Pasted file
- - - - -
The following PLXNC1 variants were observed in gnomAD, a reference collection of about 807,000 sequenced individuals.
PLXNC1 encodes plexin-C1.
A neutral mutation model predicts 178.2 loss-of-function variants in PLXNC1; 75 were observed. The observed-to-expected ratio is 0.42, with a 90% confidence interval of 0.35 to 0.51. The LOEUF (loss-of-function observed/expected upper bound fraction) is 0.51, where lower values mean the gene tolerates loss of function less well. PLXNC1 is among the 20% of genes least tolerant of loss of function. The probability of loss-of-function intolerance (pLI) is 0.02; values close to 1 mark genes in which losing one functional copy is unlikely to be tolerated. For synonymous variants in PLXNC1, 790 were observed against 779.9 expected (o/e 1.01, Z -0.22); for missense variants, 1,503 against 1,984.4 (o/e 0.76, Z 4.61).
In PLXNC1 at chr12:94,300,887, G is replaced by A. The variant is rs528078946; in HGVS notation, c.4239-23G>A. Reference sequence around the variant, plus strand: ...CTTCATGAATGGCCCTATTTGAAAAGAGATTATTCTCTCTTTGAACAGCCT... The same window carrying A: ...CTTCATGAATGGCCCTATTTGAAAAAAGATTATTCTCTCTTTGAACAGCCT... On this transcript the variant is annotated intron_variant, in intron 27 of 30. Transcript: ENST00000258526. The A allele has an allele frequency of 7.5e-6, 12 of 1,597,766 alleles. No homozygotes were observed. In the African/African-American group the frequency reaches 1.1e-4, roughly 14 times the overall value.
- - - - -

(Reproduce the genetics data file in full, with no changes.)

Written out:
The following PLXNC1 variants were observed in gnomAD, a reference collection of about 807,000 sequenced individuals.
PLXNC1 encodes plexin-C1.
A neutral mutation model predicts 178.2 loss-of-function variants in PLXNC1; 75 were observed. The observed-to-expected ratio is 0.42, with a 90% confidence interval of 0.35 to 0.51. The LOEUF (loss-of-function observed/expected upper bound fraction) is 0.51, where lower values mean the gene tolerates loss of function less well. PLXNC1 is among the 20% of genes least tolerant of loss of function. The probability of loss-of-function intolerance (pLI) is 0.02; values close to 1 mark genes in which losing one functional copy is unlikely to be tolerated. For synonymous variants in PLXNC1, 790 were observed against 779.9 expected (o/e 1.01, Z -0.22); for missense variants, 1,503 against 1,984.4 (o/e 0.76, Z 4.61).
In PLXNC1 at chr12:94,300,887, G is replaced by A. The variant is rs528078946; in HGVS notation, c.4239-23G>A. Reference sequence around the variant, plus strand: ...CTTCATGAATGGCCCTATTTGAAAAGAGATTATTCTCTCTTTGAACAGCCT... The same window carrying A: ...CTTCATGAATGGCCCTATTTGAAAAAAGATTATTCTCTCTTTGAACAGCCT... On this transcript the variant is annotated intron_variant, in intron 27 of 30. Transcript: ENST00000258526. The A allele has an allele frequency of 7.5e-6, 12 of 1,597,766 alleles. No homozygotes were observed. In the African/African-American group the frequency reaches 1.1e-4, roughly 14 times the overall value.